“How Can I Grow Healthy Tomato Plants?”
That is by far the most frequently asked question to the blog each and every summer – and with good reason.
Whether it be blight, black rot, insect damage, or watering issues – the tomato has a lot of natural enemies that can keep you from harvesting a great crop – especially if you grow heirloom varieties.
But don’t despair – there are 6 simple tips to follow that can go a long way towards growing healthy tomato plants this year – and keep you seeing the right kind of red!
So read up, and get ready to have a bumper crop of tomatoes this year.
How To Grow Healthy Tomato Plants
Rotate Your Plants
This is tip listed first for a reason – because it’s HUGE!
The first rule of thumb when it comes to keeping tomato plants healthy is to plant them in a different area each year. Many of diseases that affect tomatoes (like blight) are soil borne.
In addition, many of the pests that will attack your plants hide in that very same soil – so keeping your plants on the move can make all the difference in keeping both from becoming established.
Add in that tomatoes take a lot of nitrogen and nutrients from the soil – and you need to give them new fertile space each season!
Tomatoes need to be rotated each and every year. If you grow in containers, this means changing out the soil as well. A good rule of thumb is to give three growing seasons between plantings to let the soil recover.
Use Egg Shells, Coffee Grounds At Planting Time
When you plant – give your tomatoes a head start by mixing in a few crushed egg shells, 2 tablespoons of used coffee grounds, and a shovelful of compost in every planting hole!
Crushed egg shells add calcium to the soil as they break down – which can help prevent blossom rot in tomatoes. Blossom rot is caused in part by a lack of calcium in the soil – which crushed egg shells can help to add back.
We add in a few tablespoons of coffee grounds to the planting hole as well. Coffee grounds release nitrogen, potassium, phosphorus and other minerals as they break down – acting as a great natural slow-release fertilizer to the plants. When you add in the compost – it gives the young tomato plants a great start to a great harvest! See : Why Egg Shells and Coffee Grounds Are A Gardener’s Best Friend
Prune And Support Your Tomatoes
Left alone to grow as they please – tomato plants will grow into a mess of stems, shoots, roots and leaves. That tangled mess invites all types of pests and disease that can wreak havoc on your tomato plants. Clearing out the bottom stems and leaves from your tomato plants allows for better air circulation – and makes it harder for pests and disease to take control.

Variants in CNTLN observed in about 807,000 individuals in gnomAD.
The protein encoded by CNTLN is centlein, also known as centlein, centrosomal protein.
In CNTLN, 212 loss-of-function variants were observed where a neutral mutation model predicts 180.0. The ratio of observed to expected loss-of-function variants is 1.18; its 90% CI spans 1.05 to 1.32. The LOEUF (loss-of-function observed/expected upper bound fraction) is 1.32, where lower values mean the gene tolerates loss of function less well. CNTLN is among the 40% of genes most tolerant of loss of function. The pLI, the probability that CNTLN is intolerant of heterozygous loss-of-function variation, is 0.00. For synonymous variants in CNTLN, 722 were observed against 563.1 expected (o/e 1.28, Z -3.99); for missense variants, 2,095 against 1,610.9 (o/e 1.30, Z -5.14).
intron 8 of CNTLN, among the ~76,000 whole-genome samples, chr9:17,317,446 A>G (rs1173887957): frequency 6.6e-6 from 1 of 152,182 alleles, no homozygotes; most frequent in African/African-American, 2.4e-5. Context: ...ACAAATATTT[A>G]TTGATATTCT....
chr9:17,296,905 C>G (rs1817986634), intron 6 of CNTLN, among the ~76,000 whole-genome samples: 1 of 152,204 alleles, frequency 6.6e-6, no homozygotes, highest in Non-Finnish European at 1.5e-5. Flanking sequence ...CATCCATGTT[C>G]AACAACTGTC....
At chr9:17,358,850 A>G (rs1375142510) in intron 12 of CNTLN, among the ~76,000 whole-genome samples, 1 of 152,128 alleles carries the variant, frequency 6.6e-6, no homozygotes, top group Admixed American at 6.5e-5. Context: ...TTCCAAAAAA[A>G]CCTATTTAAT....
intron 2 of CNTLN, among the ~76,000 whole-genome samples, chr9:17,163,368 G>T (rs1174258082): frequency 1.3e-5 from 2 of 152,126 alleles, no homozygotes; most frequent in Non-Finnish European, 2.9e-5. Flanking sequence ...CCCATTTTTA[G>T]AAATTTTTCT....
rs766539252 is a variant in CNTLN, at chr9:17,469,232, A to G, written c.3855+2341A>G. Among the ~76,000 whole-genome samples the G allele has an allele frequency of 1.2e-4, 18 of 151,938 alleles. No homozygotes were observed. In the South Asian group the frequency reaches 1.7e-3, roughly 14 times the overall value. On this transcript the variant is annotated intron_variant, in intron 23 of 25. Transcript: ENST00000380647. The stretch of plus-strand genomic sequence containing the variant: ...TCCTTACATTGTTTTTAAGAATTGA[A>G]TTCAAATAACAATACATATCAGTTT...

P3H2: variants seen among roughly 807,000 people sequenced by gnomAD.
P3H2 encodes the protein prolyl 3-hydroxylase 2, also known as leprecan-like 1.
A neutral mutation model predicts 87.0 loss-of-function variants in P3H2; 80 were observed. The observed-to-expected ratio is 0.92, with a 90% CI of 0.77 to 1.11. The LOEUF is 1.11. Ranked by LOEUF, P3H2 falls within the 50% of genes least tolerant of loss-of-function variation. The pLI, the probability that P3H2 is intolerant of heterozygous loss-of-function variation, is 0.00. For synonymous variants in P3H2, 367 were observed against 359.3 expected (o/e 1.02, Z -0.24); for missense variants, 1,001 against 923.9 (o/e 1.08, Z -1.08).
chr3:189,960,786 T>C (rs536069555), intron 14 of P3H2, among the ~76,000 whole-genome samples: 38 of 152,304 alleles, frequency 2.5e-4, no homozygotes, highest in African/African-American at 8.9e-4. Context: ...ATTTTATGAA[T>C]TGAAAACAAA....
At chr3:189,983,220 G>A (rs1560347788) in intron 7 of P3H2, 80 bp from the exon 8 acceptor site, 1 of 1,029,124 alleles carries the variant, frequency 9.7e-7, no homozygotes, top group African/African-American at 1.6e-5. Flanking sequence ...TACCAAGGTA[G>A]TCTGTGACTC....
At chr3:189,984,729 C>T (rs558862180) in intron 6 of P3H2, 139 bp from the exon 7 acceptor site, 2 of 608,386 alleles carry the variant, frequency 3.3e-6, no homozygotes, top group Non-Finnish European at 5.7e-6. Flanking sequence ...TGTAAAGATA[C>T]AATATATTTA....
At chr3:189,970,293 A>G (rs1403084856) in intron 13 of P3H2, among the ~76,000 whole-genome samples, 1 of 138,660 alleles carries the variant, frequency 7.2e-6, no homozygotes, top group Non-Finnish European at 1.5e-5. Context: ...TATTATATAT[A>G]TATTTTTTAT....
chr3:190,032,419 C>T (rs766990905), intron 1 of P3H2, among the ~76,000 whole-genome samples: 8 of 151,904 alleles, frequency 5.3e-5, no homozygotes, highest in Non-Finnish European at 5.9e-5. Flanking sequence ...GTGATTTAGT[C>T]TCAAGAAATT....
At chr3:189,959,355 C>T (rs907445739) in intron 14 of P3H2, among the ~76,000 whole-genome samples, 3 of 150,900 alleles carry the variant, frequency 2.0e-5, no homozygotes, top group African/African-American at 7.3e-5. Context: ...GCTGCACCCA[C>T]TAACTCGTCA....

Whether you use cages, stakes, or a hybrid system like we do (See Stake a Cage), it’s critical to provide great support for your tomato plants. It keeps them off the ground – away from pests and foot traffic, and allows yours tomatoes to ripen with good circulation and exposure to sunlight.
Mulch Your Plants
Mulching helps keep weeds at bay – and remember that those weeds compete for the same nutrients your tomatoes need. Mulching also helps to keep the soil temperatures regulated and keep your plants from drying out.
We like to ramp up our efforts by mulching our tomato plants with a 1 to 2″ thick layer of compost – creating a 6 to 8″ mulch ring around each stalk. In addition to all of the above mentioned benefits – it also acts as a slow-release fertilizer as nutrients strain through it during watering or rainfalls.
If you want healthy tomato plants – then watering correctly is a must! It’s best to water in the early hours between sunrise and mid-morning so plants are not stressed from the heat of the day. Evening watering is the next best choice, although it can create mildew water sits on leaves through the cool nights. Try to water the soil around the roots – not the leaves.
How much water? You will need to water daily to get plants established when first planted. Once established – tomatoes need about 1 inch of water a week. If rain isn’t helping – water every two to three days with about a 1/2″ of water to the plant at a time – about 1/4 to 1/2 gallon per plant. This allows enough water to go deep into the soil and create longer roots.
Why not every day? Plants that get small amounts of water every day never send roots deeper to look for moisture and nutrients – and you end up with a weak root system – and a weak plant.
Easy On The Fertilizer
Too much fertilizer can leave plants full of bright green foliage – and no tomatoes! In addition, when used in heavy doses over time, synthetic fertilizers can leave your soil filled with salt – leaving you to add more and more fertilizer each season to obtain the same results.
If you use compost in your planting holes and as a top-dressing and practice plant rotation – there really is no need for synthetic fertilizers to get a great crop of tomatoes.
If you want to give your plants an all natural boost – you can apply compost tea – a simple solution of water-soaked and steeped in fresh compost. The water absorbs the natural nutrients from the compost and becomes an “all natural” liquid fertilizer. (See: Making Compost Tea)
So get ready to grow a great crop of tomatoes this year! For all of our gardening tips each week – be sure to sign up to follow our blog in the right hand corner of the page.
Happy Gardening! – Jim and Mary
Old World Garden Farms